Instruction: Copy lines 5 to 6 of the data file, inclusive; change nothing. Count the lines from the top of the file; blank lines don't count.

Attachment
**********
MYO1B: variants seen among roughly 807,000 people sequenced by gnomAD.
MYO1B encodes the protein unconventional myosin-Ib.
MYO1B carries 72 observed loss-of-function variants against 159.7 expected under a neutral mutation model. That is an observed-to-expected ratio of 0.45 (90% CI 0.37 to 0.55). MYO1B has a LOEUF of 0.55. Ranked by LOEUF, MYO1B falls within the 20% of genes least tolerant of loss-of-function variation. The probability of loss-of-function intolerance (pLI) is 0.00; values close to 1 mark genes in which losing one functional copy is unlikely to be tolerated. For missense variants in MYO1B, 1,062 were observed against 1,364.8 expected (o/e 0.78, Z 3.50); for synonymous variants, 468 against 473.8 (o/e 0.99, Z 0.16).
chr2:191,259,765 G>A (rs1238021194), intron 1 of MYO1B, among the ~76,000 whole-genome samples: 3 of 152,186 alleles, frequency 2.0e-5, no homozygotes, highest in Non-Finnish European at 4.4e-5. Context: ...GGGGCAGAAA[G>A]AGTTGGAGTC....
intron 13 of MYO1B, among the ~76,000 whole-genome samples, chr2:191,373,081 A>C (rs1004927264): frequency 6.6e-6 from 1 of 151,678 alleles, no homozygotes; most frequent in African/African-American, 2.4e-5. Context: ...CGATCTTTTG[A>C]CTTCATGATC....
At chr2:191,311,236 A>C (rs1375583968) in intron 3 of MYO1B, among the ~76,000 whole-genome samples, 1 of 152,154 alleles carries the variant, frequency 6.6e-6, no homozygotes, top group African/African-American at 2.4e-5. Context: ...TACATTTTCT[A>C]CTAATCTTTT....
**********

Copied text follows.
intron 13 of MYO1B, among the ~76,000 whole-genome samples, chr2:191,373,081 A>C (rs1004927264): frequency 6.6e-6 from 1 of 151,678 alleles, no homozygotes; most frequent in African/African-American, 2.4e-5. Context: ...CGATCTTTTG[A>C]CTTCATGATC....
At chr2:191,311,236 A>C (rs1375583968) in intron 3 of MYO1B, among the ~76,000 whole-genome samples, 1 of 152,154 alleles carries the variant, frequency 6.6e-6, no homozygotes, top group African/African-American at 2.4e-5. Context: ...TACATTTTCT[A>C]CTAATCTTTT....